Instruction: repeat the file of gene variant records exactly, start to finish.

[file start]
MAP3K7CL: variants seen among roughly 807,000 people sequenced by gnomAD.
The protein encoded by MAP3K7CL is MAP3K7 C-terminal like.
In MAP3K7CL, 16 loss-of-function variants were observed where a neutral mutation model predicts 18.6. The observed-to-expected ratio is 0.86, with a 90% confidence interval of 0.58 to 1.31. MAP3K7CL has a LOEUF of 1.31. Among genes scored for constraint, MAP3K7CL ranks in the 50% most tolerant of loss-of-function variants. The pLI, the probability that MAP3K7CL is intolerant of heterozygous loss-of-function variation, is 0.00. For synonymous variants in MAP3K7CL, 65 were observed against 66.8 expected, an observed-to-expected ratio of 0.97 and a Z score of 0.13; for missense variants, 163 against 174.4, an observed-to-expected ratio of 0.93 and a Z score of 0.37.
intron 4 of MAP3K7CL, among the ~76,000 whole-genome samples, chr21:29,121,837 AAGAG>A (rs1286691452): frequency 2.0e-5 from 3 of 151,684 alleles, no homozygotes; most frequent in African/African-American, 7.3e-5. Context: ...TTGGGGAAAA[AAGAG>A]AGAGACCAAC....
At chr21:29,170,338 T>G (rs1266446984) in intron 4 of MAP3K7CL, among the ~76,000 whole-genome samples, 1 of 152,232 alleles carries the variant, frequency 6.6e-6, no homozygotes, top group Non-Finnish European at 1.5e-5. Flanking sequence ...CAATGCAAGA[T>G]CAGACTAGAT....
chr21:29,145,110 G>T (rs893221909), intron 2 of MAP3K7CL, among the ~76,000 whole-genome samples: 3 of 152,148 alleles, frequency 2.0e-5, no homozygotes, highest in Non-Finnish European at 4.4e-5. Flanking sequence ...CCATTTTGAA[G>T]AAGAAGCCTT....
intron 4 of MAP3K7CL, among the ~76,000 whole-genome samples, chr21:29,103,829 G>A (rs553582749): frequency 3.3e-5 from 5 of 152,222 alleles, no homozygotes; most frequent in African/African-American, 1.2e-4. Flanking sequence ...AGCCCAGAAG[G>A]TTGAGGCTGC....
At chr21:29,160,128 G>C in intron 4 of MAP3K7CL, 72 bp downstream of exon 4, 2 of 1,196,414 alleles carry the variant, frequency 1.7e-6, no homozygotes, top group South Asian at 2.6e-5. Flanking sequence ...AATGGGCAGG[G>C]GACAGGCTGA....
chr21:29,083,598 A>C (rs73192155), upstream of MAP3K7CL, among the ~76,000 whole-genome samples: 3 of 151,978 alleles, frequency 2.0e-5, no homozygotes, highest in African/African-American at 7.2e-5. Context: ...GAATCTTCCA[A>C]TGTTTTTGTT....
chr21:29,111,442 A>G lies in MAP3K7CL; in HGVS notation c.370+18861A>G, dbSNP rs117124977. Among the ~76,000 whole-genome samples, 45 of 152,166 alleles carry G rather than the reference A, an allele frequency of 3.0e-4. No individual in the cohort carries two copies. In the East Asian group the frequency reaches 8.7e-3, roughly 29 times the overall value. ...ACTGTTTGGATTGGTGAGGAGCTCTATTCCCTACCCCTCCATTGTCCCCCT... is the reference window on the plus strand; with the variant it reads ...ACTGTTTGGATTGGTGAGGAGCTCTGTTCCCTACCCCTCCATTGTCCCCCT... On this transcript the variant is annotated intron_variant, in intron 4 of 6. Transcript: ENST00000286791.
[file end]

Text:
MAP3K7CL: variants seen among roughly 807,000 people sequenced by gnomAD.
The protein encoded by MAP3K7CL is MAP3K7 C-terminal like.
In MAP3K7CL, 16 loss-of-function variants were observed where a neutral mutation model predicts 18.6. The observed-to-expected ratio is 0.86, with a 90% confidence interval of 0.58 to 1.31. MAP3K7CL has a LOEUF of 1.31. Among genes scored for constraint, MAP3K7CL ranks in the 50% most tolerant of loss-of-function variants. The pLI, the probability that MAP3K7CL is intolerant of heterozygous loss-of-function variation, is 0.00. For synonymous variants in MAP3K7CL, 65 were observed against 66.8 expected, an observed-to-expected ratio of 0.97 and a Z score of 0.13; for missense variants, 163 against 174.4, an observed-to-expected ratio of 0.93 and a Z score of 0.37.
intron 4 of MAP3K7CL, among the ~76,000 whole-genome samples, chr21:29,121,837 AAGAG>A (rs1286691452): frequency 2.0e-5 from 3 of 151,684 alleles, no homozygotes; most frequent in African/African-American, 7.3e-5. Context: ...TTGGGGAAAA[AAGAG>A]AGAGACCAAC....
At chr21:29,170,338 T>G (rs1266446984) in intron 4 of MAP3K7CL, among the ~76,000 whole-genome samples, 1 of 152,232 alleles carries the variant, frequency 6.6e-6, no homozygotes, top group Non-Finnish European at 1.5e-5. Flanking sequence ...CAATGCAAGA[T>G]CAGACTAGAT....
chr21:29,145,110 G>T (rs893221909), intron 2 of MAP3K7CL, among the ~76,000 whole-genome samples: 3 of 152,148 alleles, frequency 2.0e-5, no homozygotes, highest in Non-Finnish European at 4.4e-5. Flanking sequence ...CCATTTTGAA[G>T]AAGAAGCCTT....
intron 4 of MAP3K7CL, among the ~76,000 whole-genome samples, chr21:29,103,829 G>A (rs553582749): frequency 3.3e-5 from 5 of 152,222 alleles, no homozygotes; most frequent in African/African-American, 1.2e-4. Flanking sequence ...AGCCCAGAAG[G>A]TTGAGGCTGC....
At chr21:29,160,128 G>C in intron 4 of MAP3K7CL, 72 bp downstream of exon 4, 2 of 1,196,414 alleles carry the variant, frequency 1.7e-6, no homozygotes, top group South Asian at 2.6e-5. Flanking sequence ...AATGGGCAGG[G>C]GACAGGCTGA....
chr21:29,083,598 A>C (rs73192155), upstream of MAP3K7CL, among the ~76,000 whole-genome samples: 3 of 151,978 alleles, frequency 2.0e-5, no homozygotes, highest in African/African-American at 7.2e-5. Context: ...GAATCTTCCA[A>C]TGTTTTTGTT....
chr21:29,111,442 A>G lies in MAP3K7CL; in HGVS notation c.370+18861A>G, dbSNP rs117124977. Among the ~76,000 whole-genome samples, 45 of 152,166 alleles carry G rather than the reference A, an allele frequency of 3.0e-4. No individual in the cohort carries two copies. In the East Asian group the frequency reaches 8.7e-3, roughly 29 times the overall value. ...ACTGTTTGGATTGGTGAGGAGCTCTATTCCCTACCCCTCCATTGTCCCCCT... is the reference window on the plus strand; with the variant it reads ...ACTGTTTGGATTGGTGAGGAGCTCTGTTCCCTACCCCTCCATTGTCCCCCT... On this transcript the variant is annotated intron_variant, in intron 4 of 6. Transcript: ENST00000286791.